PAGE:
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Date:	Mon, 10 Dec 2012 14:27:50 +0800
From:	Ying Xue <ying.xue@...driver.com>
To:	Neil Horman <nhorman@...driver.com>
CC:	Jon Maloy <jon.maloy@...csson.com>,
	Paul Gortmaker <paul.gortmaker@...driver.com>,
	David Miller <davem@...emloft.net>, <netdev@...r.kernel.org>,
	Ying Xue <ying.xue@...driver.com>
Subject: Re: [PATCH net-next 03/10] tipc: sk_recv_queue size check only for
 connectionless sockets

Neil Horman wrote:
> On Fri, Dec 07, 2012 at 05:30:11PM -0500, Jon Maloy wrote:
>   
>> On 12/07/2012 02:20 PM, Neil Horman wrote:
>>     
>>> On Fri, Dec 07, 2012 at 09:28:11AM -0500, Paul Gortmaker wrote:
>>>       
>>>> From: Ying Xue <ying.xue@...driver.com>
>>>>
>>>> The sk_receive_queue limit control is currently performed for
>>>> all arriving messages, disregarding socket and message type.
>>>> But for connected sockets this check is redundant, since the protocol
>>>> flow control already makes queue overflow impossible.
>>>>
>>>>         
>>> Can you explain where that occurs?  
>>>       
>> It happens in the functions port_dispatcher_sigh() and tipc_send(), 
>> among other places. Both are to be found in the file port.c, which 
>> was supposed to contain the 'generic' (i.e., API independent) part 
>> of the send/receive code.
>> Now that we have only one API left, the socket API, we are 
>> planning to merge the code in socket.c and port.c, and get rid of 
>> some code overhead.
>>
>> The flow control in TIPC is message based, where the sender
>> requires to receive an explicit acknowledge message for each 
>> 512 message the receiver reads to user space.
>> If the sender has more than 1024 messages outstanding without having
>> received an acknowledge he will be suspended or receive EAGAIN until 
>> he does.
>> The plan going forward is to replace this mechanism with a more 
>> standard looking byte based flow control, while maintaining 
>> backwards compatibility.
>>
>>     
> Ok, That makes more sense, thank you.  Although I still don't think this is
> safe (but the problem may not be solely introduced by this patch).  Using a
> global limit that assumes the sender will block when the congestion window is
> reached just doesn't seem sane to me.  It clearly works with the Linux
> implementation, as it conforms to your expectations, but an alternate
> implementation could create a DOS situation by simply ignoring the window limit,
> and continuing to send.  I see that we drop frames over the global limit in
> filter_rcv, but the check in rx_queue_full bumps up that limit based on the
> value of msg_importance(msg), but that threshold is ignored if the value of
> msg_importance is invalid.  All a sender needs to do is flood a receiver with
> frames containing an invalid set of message importance bits, and you will queue
> frames indefinately.  In fact that will also happen if you send message of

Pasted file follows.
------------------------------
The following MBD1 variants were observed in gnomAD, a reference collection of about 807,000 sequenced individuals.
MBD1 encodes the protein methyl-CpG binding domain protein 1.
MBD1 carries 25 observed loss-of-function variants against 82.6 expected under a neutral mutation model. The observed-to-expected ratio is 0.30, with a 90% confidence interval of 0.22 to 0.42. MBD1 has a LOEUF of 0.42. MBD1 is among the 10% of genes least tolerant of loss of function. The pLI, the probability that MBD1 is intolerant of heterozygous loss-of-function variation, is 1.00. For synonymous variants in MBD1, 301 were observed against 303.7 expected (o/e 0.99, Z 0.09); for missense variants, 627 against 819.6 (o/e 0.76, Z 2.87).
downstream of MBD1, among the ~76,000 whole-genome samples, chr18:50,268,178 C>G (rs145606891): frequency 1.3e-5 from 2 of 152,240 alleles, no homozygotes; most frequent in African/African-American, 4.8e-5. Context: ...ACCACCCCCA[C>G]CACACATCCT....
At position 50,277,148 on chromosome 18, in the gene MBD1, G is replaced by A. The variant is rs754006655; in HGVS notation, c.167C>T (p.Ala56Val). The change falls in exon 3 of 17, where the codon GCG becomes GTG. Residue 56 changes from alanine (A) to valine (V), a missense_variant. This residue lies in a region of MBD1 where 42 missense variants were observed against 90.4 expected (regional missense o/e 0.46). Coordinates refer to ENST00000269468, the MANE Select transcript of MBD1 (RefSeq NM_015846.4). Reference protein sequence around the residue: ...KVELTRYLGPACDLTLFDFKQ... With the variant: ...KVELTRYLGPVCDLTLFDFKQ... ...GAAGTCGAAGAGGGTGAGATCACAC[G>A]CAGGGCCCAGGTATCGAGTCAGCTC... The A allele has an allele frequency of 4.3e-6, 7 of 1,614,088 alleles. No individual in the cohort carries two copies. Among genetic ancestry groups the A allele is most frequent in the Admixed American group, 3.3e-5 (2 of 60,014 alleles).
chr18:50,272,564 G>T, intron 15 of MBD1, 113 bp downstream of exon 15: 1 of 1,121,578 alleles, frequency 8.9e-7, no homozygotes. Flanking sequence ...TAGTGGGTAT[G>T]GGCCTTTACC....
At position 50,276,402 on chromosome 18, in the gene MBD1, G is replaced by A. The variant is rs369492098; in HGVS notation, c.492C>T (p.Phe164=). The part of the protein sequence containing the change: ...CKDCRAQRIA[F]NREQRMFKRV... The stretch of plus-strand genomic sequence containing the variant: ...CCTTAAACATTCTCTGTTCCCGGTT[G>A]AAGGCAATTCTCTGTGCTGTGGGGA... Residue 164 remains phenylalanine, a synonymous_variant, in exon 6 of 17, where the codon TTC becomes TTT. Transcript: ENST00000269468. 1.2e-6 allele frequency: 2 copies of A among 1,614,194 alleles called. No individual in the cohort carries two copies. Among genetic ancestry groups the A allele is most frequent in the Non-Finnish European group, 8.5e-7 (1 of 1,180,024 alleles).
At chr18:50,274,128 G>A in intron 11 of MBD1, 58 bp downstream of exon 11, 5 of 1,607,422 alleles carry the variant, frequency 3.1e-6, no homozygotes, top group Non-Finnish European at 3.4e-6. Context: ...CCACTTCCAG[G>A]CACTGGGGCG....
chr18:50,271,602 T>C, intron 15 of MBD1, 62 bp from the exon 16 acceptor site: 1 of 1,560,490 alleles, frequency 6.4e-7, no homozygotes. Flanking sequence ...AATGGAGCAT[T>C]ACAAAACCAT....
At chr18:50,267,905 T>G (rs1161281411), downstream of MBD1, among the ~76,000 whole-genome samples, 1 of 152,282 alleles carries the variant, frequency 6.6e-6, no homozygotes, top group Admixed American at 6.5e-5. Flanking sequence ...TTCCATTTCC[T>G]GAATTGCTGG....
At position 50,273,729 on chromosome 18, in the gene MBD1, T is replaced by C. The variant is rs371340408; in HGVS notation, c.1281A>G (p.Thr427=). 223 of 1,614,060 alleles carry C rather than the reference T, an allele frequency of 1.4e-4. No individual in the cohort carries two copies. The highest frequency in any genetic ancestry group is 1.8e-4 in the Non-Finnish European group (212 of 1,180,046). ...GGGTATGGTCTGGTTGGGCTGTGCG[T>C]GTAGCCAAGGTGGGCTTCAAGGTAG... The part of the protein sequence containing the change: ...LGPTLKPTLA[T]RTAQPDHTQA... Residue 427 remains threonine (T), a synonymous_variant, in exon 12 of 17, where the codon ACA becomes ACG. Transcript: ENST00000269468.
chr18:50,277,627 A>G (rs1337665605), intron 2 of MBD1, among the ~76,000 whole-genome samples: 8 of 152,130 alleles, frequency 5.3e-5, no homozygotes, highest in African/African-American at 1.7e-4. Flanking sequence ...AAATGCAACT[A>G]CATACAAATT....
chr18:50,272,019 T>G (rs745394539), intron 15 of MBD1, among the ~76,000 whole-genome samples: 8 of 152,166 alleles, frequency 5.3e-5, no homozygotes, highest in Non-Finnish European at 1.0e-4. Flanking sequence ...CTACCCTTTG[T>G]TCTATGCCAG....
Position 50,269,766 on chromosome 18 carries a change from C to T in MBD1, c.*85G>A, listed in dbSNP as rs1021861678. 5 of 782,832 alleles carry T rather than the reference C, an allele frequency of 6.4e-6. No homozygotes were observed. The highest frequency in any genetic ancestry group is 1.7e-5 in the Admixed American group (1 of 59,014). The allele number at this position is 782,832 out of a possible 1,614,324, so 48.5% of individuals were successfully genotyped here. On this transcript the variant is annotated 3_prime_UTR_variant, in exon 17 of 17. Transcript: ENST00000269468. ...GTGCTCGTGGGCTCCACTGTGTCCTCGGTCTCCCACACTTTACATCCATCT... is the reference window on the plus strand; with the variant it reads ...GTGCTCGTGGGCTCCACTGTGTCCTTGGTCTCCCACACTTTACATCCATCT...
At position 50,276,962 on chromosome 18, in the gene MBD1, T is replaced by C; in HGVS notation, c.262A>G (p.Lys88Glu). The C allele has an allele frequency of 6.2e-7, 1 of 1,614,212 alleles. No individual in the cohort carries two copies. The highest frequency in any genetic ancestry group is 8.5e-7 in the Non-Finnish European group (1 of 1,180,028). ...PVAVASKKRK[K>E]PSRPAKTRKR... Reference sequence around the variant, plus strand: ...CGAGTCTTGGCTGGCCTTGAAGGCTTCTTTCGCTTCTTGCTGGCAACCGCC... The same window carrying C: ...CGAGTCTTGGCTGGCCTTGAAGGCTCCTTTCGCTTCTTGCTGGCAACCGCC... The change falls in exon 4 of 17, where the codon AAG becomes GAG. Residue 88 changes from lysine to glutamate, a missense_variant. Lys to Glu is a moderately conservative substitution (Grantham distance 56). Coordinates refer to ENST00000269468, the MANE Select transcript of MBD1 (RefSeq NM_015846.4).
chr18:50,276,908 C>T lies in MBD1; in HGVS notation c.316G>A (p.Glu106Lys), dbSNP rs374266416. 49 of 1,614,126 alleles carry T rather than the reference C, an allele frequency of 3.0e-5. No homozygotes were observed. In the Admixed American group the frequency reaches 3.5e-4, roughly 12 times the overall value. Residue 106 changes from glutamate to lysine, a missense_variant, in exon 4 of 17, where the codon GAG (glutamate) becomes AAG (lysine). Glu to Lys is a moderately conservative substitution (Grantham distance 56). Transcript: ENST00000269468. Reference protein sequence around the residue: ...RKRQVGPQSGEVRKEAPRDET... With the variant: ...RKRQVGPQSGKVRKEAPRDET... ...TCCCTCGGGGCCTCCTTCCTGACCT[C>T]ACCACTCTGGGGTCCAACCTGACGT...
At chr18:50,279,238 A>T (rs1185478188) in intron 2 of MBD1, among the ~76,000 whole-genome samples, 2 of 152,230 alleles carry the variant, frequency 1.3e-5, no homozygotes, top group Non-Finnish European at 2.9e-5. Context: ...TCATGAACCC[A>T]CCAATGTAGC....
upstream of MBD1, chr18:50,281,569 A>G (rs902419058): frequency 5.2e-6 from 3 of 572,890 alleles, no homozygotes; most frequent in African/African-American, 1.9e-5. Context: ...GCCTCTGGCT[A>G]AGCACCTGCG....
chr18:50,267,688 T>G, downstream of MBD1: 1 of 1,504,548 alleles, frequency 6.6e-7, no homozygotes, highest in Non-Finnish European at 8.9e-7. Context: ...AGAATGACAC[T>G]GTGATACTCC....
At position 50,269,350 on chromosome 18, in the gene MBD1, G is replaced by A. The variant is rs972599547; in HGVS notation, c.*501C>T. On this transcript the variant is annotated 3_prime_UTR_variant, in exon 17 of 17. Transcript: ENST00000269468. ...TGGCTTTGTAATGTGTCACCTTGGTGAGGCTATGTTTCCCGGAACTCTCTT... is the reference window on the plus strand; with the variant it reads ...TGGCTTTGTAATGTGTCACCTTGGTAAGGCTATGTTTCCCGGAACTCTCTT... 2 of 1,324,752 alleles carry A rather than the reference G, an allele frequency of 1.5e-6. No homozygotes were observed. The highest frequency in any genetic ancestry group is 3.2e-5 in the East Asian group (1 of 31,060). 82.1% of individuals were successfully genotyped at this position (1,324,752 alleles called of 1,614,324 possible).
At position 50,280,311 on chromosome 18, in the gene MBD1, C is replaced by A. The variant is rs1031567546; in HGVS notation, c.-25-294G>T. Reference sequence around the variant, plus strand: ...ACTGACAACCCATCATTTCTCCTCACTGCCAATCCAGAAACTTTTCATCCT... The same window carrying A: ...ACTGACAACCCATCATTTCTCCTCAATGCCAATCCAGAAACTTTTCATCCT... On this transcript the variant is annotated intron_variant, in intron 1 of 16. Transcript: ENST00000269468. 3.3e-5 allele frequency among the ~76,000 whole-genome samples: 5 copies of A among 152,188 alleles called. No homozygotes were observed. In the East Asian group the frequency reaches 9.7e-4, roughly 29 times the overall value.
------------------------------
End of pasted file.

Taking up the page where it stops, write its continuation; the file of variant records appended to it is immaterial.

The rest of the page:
> CRITICAL importance as well, so you don't even need to supply an invalid value
> here.
>
>   

You are absolutely right. I will correct these drawbacks in next version.

>>> I see where the tipc dispatch function calls
>>> sk_add_backlog, which checks the per socket recieve queue (regardless of weather
>>> the receiving socket is connection oriented or connectionless), but if the
>>> receiver doesn't call receive very often, This just adds a check against your
>>> global limit, doing nothing for your per-socket limits. 
>>>       
>> OVERLOAD_LIMIT_BASE is tested against a per-socket message counter, so it _is_
>> our per-socket limit. In fact, TIPC connectionless overflow control currently 
>> is a kind of a hybrid, based on a message counter when the socket is not locked, 
>> and based on sk_rcv_queue's byte limit when a message has to be added to the 
>> backlog.
>> We are planning to fix this inconsistency too.
>>     
> Good, thank you,  that was seeming quite wrong to me.
>
>   
>>  In fact it seems to
>>     
>>> repeat the same check twice, as in the worst case of the incomming message being
>>> TIPC_LOW_IMPORTANCE, its just going to check that the global limit is exactly
>>> OVERLOAD_LIMIT_BASE/2 again.
>>>       
>> Yes, you are right. The intention is that only the first test, 
>> if (unlikely(recv_q_len >= (OVERLOAD_LIMIT_BASE / 2)){..}
>> will be run for the vast majority of messages, since we must assume
>> that there is no overload most of the time.
>> An inelegant optimization, perhaps, but not logically wrong.
>>     
> No, not logically wrong, but not an optimization either.  With this change,
> your only use of rx_queue_full passes OVERLOAD_LIMIT_BASE/2 as the base value to
> rx_queue_full, and then you do some multiplication based on that.  If you really
> want to optimize this, leave OVERLOAD_LIMIT_BASE where it is (rather than
> doubling it like this patch series does), mark rx_queue_full as inline, and just
> pass OVERLOAD_LIMIT_BASE as the argument, it will save you a division opration,
> the conditional branch and a call instruction.  If you add a multiplication
> factor table, you can eliminate the if/else clauses in rx_queue_full as well.
>
>   

Good suggestion with a factor table. Maybe it's unnecessary to 
explicitly mark rx_queue_full as inline. Currently it sounds like we let 
complier decide whether a function is defined as inline or not.

Regards,
Ying

> Neil
>
>   
>> ///jon
>>
>>     
>>> Neil
>>>
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>>>       
>>     
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>   

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